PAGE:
No sooner are Europe's debt anxieties easing a touch than a sharp rise in oil prices threatens to impede the economy's tentative recovery from the euro's near-death experience with Greece.
Brent oil has shot up about 20 percent since mid-December on concern over cuts in Iranian supply, and set an all-time high this week in euros.
Oil has not reached a level that poses a grave danger to growth, economists say. In dollars, today's price around $123 is still below last April's $127 high, let alone the record peak of $147 scaled in 2008.
But the risk is that consumers and companies, their confidence still fragile, will crawl back under the covers.
"This comes at a difficult time for the euro area economy, which I would still characterize as being in a state of mild recession despite one or two more promising signs," said Julian Callow, an economist at Barclays Capital in London.
"If we were to see a rapid, sudden escalation in the oil price, then for sure it would be a factor that would lead us to be revising down our projections for euro area growth and, if sustained, could make a mild recession turn into something more serious," he said.
Picking a precise pain threshold is tricky, but prices are approaching the danger zone.
Andrew Milligan, head of global strategy at Standard Life Investments in Edinburgh, said he would not be too worried by another $10-15 rise in the oil price in dollar terms for dollar-based industries. But it would be a different matter if oil climbed above $140 a barrel and stayed there.
"Corporate profits are already not that strong already and, although some parts of the stock market would benefit, self-evidently, the negative impact on the wider economy and on domestic profits would become quite noticeable," Milligan said.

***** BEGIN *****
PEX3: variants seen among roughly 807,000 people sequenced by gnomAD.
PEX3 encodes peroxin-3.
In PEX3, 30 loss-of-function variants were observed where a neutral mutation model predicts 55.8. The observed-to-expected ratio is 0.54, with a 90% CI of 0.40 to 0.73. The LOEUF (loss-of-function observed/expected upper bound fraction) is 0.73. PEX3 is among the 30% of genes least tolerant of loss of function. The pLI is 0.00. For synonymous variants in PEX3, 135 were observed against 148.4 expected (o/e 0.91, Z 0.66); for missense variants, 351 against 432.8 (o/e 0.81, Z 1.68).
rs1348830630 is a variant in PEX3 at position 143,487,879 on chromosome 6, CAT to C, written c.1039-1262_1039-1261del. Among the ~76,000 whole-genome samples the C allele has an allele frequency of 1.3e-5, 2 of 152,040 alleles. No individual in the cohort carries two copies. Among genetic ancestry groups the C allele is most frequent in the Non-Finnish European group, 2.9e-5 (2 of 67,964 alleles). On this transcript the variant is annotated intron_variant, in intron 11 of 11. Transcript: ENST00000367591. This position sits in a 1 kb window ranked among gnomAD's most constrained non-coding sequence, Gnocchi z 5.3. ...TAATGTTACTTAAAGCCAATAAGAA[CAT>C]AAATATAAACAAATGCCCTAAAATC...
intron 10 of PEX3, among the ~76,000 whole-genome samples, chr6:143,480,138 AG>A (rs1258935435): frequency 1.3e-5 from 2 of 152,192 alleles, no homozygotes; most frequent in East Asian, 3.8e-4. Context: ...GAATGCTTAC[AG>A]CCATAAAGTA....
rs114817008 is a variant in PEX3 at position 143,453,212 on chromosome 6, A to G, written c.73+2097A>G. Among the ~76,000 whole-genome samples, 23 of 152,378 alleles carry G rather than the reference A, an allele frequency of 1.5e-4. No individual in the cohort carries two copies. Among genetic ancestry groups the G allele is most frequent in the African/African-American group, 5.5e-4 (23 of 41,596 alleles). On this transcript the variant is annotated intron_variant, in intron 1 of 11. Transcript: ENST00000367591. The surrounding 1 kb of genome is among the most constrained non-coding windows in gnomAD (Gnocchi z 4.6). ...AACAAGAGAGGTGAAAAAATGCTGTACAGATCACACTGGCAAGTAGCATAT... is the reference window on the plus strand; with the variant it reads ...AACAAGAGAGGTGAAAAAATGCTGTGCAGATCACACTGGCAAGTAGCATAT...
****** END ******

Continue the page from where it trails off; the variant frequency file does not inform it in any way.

Economists at JP Morgan said the recent price run-up brings it closer to becoming the largest immediate potential pitfall for the European and global economies.
"No doubt, some of the move reflects the improving growth outlook. But should Brent jump to near $130 a barrel owing to supply fears, the damage would offset the upside seen in the data to date," they said in a note.
Europe is more vulnerable than the United States, which is showing signs of economic recovery and is also benefiting from tumbling natural gas prices.
However, the correlation between shifts in oil prices and growth is complicated.
As Reuters columnist John Kemp points out, the work of U.S. economist James Hamilton shows that price rises are more likely to affect the economy if they set a new high beyond what consumers and firms have already lived through, rather than just reversing earlier declines.
That is consistent with what happened in 2010 to 2011. Brent crude rose more than 75 percent between late August 2010 and mid-April 2011. Economic growth duly slowed, but oil was simply rebounding from a slump to $40 in late 2008 after the collapse of Lehman Brothers sent the world economy into a tailspin: the recession some economists had expected did not occur.
With Brent setting new highs expressed in euros, Europe is suffering an "oil shock" on Hamilton's criteria. But the net increase in February compared with the previous 12 months is just 4 percent, Kemp calculates, limiting the impact.